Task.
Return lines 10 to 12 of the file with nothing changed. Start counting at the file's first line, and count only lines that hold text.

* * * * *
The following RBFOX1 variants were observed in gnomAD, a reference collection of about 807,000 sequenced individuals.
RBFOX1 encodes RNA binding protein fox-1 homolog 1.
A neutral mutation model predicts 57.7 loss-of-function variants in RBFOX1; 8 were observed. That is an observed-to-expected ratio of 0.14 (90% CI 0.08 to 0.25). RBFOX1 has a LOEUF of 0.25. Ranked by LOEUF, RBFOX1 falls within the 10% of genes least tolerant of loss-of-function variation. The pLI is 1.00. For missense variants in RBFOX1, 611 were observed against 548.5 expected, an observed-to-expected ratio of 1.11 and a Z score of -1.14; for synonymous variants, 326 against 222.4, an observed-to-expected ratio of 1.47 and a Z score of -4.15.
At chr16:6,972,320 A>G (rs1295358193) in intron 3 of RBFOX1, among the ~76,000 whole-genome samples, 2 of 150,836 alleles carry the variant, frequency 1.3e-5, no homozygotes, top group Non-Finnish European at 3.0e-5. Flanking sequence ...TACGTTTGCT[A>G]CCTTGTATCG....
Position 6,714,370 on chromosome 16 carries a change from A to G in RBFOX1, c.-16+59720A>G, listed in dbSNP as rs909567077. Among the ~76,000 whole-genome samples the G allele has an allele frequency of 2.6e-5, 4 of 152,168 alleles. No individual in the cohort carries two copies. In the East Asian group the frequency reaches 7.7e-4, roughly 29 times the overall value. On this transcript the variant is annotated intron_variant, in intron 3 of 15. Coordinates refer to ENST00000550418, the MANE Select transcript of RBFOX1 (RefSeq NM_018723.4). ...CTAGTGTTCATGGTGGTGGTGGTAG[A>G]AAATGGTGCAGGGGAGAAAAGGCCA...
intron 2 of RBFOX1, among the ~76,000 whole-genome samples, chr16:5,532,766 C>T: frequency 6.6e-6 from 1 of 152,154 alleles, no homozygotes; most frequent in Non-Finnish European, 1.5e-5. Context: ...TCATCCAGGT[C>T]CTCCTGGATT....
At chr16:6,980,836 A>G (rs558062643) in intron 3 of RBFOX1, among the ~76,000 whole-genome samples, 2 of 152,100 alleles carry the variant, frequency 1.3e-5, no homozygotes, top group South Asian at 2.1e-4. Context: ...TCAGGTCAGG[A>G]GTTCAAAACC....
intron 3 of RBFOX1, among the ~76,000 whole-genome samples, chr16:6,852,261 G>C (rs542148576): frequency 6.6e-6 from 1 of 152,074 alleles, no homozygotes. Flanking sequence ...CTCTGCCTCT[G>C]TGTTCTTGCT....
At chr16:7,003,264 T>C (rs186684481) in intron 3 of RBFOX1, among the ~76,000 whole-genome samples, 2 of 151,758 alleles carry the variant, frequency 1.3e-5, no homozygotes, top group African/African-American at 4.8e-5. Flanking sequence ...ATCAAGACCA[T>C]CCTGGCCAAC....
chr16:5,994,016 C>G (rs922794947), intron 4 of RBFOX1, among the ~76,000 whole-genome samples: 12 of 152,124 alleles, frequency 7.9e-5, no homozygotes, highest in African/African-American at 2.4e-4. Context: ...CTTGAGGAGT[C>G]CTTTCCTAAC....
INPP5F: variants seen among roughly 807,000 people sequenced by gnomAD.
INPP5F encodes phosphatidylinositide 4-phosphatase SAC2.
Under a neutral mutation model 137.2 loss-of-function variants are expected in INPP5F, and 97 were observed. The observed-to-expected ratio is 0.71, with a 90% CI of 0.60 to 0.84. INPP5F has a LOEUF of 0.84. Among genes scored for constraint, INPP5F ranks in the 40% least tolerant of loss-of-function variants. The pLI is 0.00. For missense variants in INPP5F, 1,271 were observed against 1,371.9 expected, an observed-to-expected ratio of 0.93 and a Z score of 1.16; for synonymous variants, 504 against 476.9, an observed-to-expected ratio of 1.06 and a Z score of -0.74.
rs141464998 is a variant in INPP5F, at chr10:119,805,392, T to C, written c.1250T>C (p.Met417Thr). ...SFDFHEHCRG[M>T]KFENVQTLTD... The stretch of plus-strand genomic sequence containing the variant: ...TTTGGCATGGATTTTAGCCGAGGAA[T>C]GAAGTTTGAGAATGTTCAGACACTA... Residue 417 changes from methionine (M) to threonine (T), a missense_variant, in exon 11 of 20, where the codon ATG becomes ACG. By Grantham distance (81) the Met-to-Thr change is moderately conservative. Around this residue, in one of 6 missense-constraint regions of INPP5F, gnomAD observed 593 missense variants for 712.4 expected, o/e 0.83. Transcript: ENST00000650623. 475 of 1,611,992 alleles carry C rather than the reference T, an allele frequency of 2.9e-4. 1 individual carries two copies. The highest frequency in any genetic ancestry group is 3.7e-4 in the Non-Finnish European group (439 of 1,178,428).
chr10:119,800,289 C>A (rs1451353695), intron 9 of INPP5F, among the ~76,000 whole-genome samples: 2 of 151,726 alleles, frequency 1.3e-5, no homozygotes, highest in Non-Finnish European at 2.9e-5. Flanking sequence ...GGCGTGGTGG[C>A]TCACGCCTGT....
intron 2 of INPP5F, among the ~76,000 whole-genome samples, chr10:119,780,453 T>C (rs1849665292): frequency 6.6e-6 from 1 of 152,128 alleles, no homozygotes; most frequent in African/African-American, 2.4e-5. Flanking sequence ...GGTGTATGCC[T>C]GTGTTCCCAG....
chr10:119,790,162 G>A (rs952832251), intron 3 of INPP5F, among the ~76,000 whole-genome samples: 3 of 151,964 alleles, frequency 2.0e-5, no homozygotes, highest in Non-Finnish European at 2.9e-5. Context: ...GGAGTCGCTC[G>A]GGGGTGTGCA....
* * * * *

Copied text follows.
chr16:5,994,016 C>G (rs922794947), intron 4 of RBFOX1, among the ~76,000 whole-genome samples: 12 of 152,124 alleles, frequency 7.9e-5, no homozygotes, highest in African/African-American at 2.4e-4. Context: ...CTTGAGGAGT[C>G]CTTTCCTAAC....
INPP5F: variants seen among roughly 807,000 people sequenced by gnomAD.
INPP5F encodes phosphatidylinositide 4-phosphatase SAC2.